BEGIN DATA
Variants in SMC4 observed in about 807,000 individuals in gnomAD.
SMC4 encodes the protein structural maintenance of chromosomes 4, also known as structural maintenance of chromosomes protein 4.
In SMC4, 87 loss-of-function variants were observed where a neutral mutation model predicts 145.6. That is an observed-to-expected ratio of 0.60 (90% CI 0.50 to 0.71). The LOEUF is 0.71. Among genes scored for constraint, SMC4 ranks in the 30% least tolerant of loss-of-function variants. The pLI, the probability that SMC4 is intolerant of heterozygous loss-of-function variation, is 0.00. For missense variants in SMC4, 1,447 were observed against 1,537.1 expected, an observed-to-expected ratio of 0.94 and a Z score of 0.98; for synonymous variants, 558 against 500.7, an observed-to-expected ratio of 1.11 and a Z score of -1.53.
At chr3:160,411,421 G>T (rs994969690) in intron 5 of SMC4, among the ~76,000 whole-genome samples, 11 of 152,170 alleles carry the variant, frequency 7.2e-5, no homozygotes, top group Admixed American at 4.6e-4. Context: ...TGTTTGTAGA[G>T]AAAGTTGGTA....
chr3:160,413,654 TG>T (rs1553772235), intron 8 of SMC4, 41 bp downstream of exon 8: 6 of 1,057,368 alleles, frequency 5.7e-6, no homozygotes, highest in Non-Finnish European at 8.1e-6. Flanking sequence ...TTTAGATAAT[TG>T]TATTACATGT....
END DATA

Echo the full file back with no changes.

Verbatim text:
Variants in SMC4 observed in about 807,000 individuals in gnomAD.
SMC4 encodes the protein structural maintenance of chromosomes 4, also known as structural maintenance of chromosomes protein 4.
In SMC4, 87 loss-of-function variants were observed where a neutral mutation model predicts 145.6. That is an observed-to-expected ratio of 0.60 (90% CI 0.50 to 0.71). The LOEUF is 0.71. Among genes scored for constraint, SMC4 ranks in the 30% least tolerant of loss-of-function variants. The pLI, the probability that SMC4 is intolerant of heterozygous loss-of-function variation, is 0.00. For missense variants in SMC4, 1,447 were observed against 1,537.1 expected, an observed-to-expected ratio of 0.94 and a Z score of 0.98; for synonymous variants, 558 against 500.7, an observed-to-expected ratio of 1.11 and a Z score of -1.53.
At chr3:160,411,421 G>T (rs994969690) in intron 5 of SMC4, among the ~76,000 whole-genome samples, 11 of 152,170 alleles carry the variant, frequency 7.2e-5, no homozygotes, top group Admixed American at 4.6e-4. Context: ...TGTTTGTAGA[G>T]AAAGTTGGTA....
chr3:160,413,654 TG>T (rs1553772235), intron 8 of SMC4, 41 bp downstream of exon 8: 6 of 1,057,368 alleles, frequency 5.7e-6, no homozygotes, highest in Non-Finnish European at 8.1e-6. Flanking sequence ...TTTAGATAAT[TG>T]TATTACATGT....